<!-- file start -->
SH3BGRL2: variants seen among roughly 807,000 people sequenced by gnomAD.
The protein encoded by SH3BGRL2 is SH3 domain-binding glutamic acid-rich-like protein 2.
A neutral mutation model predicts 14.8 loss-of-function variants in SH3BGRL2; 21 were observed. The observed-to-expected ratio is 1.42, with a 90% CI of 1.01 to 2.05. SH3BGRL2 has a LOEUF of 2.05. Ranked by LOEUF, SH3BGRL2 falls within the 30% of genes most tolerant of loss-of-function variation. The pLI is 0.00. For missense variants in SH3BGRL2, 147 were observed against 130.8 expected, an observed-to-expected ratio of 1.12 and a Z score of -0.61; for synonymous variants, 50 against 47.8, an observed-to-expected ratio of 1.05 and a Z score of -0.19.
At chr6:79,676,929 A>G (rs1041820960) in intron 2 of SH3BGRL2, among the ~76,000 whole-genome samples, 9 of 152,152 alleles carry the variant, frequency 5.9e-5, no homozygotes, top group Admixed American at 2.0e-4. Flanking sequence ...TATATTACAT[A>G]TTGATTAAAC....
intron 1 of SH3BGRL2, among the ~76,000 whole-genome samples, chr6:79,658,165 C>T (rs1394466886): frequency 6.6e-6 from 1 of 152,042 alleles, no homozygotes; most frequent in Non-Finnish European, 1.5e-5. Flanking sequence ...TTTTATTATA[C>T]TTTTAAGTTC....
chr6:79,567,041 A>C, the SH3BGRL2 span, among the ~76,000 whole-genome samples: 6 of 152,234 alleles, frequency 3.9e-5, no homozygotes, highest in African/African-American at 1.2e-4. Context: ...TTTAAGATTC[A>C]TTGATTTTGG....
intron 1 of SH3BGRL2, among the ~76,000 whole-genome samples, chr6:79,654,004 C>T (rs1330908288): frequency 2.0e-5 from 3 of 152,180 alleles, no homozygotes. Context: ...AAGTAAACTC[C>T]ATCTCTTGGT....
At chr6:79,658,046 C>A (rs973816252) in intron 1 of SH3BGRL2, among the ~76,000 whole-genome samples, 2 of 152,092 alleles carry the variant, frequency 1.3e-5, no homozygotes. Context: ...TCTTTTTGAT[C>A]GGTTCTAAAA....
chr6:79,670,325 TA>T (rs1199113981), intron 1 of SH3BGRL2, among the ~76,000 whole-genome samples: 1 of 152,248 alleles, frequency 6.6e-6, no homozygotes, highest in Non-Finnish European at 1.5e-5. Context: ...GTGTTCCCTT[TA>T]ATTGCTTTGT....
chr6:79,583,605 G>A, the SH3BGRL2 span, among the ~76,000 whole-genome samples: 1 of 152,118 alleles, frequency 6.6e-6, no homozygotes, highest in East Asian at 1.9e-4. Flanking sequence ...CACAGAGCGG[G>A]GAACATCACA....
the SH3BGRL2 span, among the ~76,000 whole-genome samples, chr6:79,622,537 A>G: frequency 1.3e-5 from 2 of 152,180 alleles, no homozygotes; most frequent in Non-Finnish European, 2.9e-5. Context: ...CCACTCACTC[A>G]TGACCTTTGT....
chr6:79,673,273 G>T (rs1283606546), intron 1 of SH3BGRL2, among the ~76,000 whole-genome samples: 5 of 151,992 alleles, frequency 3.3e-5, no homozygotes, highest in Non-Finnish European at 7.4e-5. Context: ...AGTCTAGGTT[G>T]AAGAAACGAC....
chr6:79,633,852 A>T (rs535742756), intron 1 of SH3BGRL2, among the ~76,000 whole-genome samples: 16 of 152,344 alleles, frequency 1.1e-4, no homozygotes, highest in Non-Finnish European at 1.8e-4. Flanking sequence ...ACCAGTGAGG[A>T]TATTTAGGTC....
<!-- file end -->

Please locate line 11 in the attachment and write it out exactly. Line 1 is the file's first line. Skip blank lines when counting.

the SH3BGRL2 span, among the ~76,000 whole-genome samples, chr6:79,622,537 A>G: frequency 1.3e-5 from 2 of 152,180 alleles, no homozygotes; most frequent in Non-Finnish European, 2.9e-5. Context: ...CCACTCACTC[A>G]TGACCTTTGT....